Finally, what about tofu? It is SO HEALTHY?

Well, actually, it's not. I'm supposed to stay away from all soy products because apparently they cause a lot of problems, and they very well could be the explanation of my psoriasis issues developing AFTER moving to Japan. This is something I need to test out and make sure of.

But seriously, imagine all the various forms of soy beans that we eat in Japan!!! This will be the most difficult thing to avoid/explain/deal with!

He was most shocked and incredulous about the notion that I have to cut soy products out of my diet, even if it's only for one month. He insisted that Japanese food is so healthy and Japanese people are healthy, so obviously any soy products (miso, soy sauce, tofu, edamame, etc.) are extremely healthy, and I shouldn't eliminate it from my diet.

He also commented that I should stay away from MEAT, EGGS, and OILS. I told him all these were fine but that I needed to be careful about where it comes from, what type of oil, etc. Then, he said, no, you should just eat FISH. Well, of course, I would include fish and seafood in the diet, but not only fish, every single day.

I can see he is confused, and even going to AEON soon after to go shopping, he insisted on buying margarine, and I said, we have plenty of butter at home, so why buy margarine. He insisted that margarine was healthier and then he ran back to the other side of the store, supposedly to pick up some margarine, but I didn't see it in the basket when I paid for the groceries, so I am not sure if he changed his mind.

Later on the way home, he seemed to sense my obvious frustration. He said, "I bet you wish you had married a cooler guy, but YOU married me and this is what you got!" I replied, "No, I wish you were smarter and read books and kept up to date on new research so that I don't have to argue with you about such stupid things. Your information comes from very old ways of thinking." He then insisted that he is smart.

Well, good luck to me this month.

Shopping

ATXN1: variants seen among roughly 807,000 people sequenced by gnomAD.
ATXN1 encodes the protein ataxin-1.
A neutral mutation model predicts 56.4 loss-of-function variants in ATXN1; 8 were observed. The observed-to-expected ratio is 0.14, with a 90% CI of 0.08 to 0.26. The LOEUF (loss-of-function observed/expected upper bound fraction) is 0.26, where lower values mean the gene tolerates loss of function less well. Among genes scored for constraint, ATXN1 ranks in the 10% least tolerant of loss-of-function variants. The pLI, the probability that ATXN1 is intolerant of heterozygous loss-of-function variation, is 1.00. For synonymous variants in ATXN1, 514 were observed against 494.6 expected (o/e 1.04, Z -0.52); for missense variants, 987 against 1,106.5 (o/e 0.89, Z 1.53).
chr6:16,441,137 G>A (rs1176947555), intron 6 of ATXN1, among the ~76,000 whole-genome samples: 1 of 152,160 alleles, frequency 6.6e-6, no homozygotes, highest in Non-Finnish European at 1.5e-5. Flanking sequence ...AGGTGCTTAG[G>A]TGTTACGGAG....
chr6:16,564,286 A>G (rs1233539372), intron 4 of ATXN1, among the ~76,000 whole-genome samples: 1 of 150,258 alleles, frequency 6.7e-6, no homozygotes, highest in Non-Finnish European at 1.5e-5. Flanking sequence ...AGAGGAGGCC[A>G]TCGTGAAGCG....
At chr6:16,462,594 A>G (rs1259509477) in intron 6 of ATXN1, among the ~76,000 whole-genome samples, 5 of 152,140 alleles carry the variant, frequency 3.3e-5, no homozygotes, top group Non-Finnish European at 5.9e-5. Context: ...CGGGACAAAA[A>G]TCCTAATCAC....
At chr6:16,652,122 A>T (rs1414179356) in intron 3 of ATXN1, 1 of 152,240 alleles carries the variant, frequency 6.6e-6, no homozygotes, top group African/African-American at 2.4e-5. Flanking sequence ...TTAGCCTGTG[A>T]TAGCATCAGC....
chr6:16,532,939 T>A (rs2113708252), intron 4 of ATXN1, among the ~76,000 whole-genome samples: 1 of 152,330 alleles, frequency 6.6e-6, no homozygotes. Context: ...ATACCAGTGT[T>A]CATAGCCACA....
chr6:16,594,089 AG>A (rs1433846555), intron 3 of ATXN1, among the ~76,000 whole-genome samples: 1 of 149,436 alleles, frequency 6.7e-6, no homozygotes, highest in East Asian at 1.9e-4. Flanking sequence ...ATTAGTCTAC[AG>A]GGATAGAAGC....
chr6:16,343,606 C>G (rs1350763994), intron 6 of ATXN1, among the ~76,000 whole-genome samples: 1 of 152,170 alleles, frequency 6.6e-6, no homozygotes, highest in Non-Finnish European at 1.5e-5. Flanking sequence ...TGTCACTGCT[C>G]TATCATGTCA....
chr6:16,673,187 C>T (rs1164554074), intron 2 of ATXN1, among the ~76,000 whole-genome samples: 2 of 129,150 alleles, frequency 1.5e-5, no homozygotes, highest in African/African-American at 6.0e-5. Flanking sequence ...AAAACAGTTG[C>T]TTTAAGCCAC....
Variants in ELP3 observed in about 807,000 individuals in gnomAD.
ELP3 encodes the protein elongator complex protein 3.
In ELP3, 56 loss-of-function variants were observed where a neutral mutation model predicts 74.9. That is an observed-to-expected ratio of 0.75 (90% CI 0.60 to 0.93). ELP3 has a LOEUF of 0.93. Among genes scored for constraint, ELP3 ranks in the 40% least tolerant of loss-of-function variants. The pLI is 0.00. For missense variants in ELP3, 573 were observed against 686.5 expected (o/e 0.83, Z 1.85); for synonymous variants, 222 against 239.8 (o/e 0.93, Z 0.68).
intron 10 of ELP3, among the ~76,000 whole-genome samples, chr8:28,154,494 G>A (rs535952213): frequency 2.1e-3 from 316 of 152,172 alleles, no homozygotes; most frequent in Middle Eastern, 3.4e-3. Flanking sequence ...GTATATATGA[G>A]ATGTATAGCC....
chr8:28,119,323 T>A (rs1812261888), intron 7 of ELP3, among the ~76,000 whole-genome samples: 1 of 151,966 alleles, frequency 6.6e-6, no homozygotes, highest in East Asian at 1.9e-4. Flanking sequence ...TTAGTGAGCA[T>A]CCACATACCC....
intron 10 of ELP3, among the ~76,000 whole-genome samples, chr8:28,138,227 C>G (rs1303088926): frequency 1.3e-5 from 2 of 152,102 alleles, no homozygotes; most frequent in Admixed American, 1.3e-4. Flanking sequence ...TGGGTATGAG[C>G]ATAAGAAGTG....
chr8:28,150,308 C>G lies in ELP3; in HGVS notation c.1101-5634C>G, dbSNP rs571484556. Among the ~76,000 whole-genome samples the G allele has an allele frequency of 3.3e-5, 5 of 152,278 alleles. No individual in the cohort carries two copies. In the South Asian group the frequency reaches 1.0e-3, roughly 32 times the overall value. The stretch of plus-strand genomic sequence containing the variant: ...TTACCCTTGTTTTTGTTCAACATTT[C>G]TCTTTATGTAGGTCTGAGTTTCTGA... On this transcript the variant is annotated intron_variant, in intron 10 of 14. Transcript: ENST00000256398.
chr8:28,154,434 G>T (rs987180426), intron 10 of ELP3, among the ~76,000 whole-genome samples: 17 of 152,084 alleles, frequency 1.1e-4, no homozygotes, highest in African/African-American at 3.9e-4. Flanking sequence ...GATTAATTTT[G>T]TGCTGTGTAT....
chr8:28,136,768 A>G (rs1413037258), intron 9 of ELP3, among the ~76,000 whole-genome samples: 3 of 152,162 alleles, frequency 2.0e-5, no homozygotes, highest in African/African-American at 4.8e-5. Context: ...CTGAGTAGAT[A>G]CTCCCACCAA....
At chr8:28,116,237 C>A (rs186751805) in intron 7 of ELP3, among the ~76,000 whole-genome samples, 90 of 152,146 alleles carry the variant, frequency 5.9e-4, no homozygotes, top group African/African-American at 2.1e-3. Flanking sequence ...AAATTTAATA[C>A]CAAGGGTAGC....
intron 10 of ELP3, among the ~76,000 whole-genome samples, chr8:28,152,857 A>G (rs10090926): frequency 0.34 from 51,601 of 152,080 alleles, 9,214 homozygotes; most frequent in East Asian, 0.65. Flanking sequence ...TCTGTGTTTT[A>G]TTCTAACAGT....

Today,  I put together a grocery list for AEON to restock my cupboards with items that I can buy easily and will be useful in our menus from now on. I also put in an order at iHerb to get some organic items that are not available at AEON.

If anyone would like to shop at iHerb, use this discount code. They ship to Japan fairly cheaply.

http://www.iherb.com?rcode=SPL049

Here is my iHerb order in case you are curious. Lots of coconut products. The chocolate bars are for a friend as I plan to send her a care package next week.


 Wish me luck!

Resources that I am using include the following three books:



And the following web site:

Sunday, January 25, 2015

One Little Word for 2015: Nurture (January)

 As part of January's OLW assignment, we need to explore our word by looking up the various definitions, synonyms, nuances, etc., and we also look for some quotes that speak to us, whether they actually make use of the word or not.

Before I chose the word "nurture", I had actually been contemplating the word "care", but soon realized that "care" carries with it a heavy, sometimes negative, load, such as "careless" or "suffering of the mind", which essentially means caring too much about something. I didn't want to a word that carries these connotations for an entire year.


 

In the end, "nurture" seemed like a right fit, especially when I decided that nurturing my body would be a priority this year. That is why I used "Nurture Your Body" twice in the above lay out. This lay out conveys the aspects of my life that I want to improve upon this year. I think these phrases go well with the intentions I have set (on a separate worksheet), but they are easy to remember. If done this way, you can spend one or two months focusing on each one, or you can mix and match, spending as long or as little time as they need.

I will hang this lay out up on the bulletin board in my kitchen so that I can see it every day as a reminder. It also helps to use it, and the other lay outs, as desktop backgrounds or screen savers.

  
Finally, we were asked to reflect on how we are currently successful with our word (I find this to be difficult to do!), our fears, what we want more of and less of, and why we are excited about what this word might bring into our lives. 

I added a photo of me and Baymax because to me, Baymax represents the perfect nurturing soul, who has some faults. He cared so much about others' well-being that he sacrificed himself. (Oh my, did I just make an accidental religious reference here?) However, as a mom, wife, friend, teacher, and colleague - I have to take care NOT to sacrifice myself too much. I have every right to nurture my own soul (and body) back to health. I have to remember to nurture others (like Baymax) but to also nurture myself.

Note on the digital kit used here: A Beautiful Mess (Turquoise) by Libby Prichett of Sweet Shoppe Designs.